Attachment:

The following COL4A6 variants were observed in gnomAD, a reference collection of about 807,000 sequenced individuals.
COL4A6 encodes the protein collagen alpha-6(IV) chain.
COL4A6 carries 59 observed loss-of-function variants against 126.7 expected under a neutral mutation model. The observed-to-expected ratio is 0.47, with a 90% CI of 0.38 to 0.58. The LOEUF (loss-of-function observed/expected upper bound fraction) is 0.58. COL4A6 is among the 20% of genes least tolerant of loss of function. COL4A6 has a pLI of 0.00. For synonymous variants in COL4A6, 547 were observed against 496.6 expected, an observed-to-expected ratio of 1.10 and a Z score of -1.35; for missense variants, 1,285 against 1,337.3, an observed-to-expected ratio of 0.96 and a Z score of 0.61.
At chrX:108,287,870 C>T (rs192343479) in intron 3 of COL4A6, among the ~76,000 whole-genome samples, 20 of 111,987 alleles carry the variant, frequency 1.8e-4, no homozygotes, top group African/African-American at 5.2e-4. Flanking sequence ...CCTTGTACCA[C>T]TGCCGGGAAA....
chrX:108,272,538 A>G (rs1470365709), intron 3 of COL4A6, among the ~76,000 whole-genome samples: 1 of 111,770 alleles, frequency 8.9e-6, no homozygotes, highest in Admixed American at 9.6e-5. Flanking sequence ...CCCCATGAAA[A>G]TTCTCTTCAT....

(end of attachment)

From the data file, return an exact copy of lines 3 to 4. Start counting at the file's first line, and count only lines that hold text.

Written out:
COL4A6 carries 59 observed loss-of-function variants against 126.7 expected under a neutral mutation model. The observed-to-expected ratio is 0.47, with a 90% CI of 0.38 to 0.58. The LOEUF (loss-of-function observed/expected upper bound fraction) is 0.58. COL4A6 is among the 20% of genes least tolerant of loss of function. COL4A6 has a pLI of 0.00. For synonymous variants in COL4A6, 547 were observed against 496.6 expected, an observed-to-expected ratio of 1.10 and a Z score of -1.35; for missense variants, 1,285 against 1,337.3, an observed-to-expected ratio of 0.96 and a Z score of 0.61.
At chrX:108,287,870 C>T (rs192343479) in intron 3 of COL4A6, among the ~76,000 whole-genome samples, 20 of 111,987 alleles carry the variant, frequency 1.8e-4, no homozygotes, top group African/African-American at 5.2e-4. Flanking sequence ...CCTTGTACCA[C>T]TGCCGGGAAA....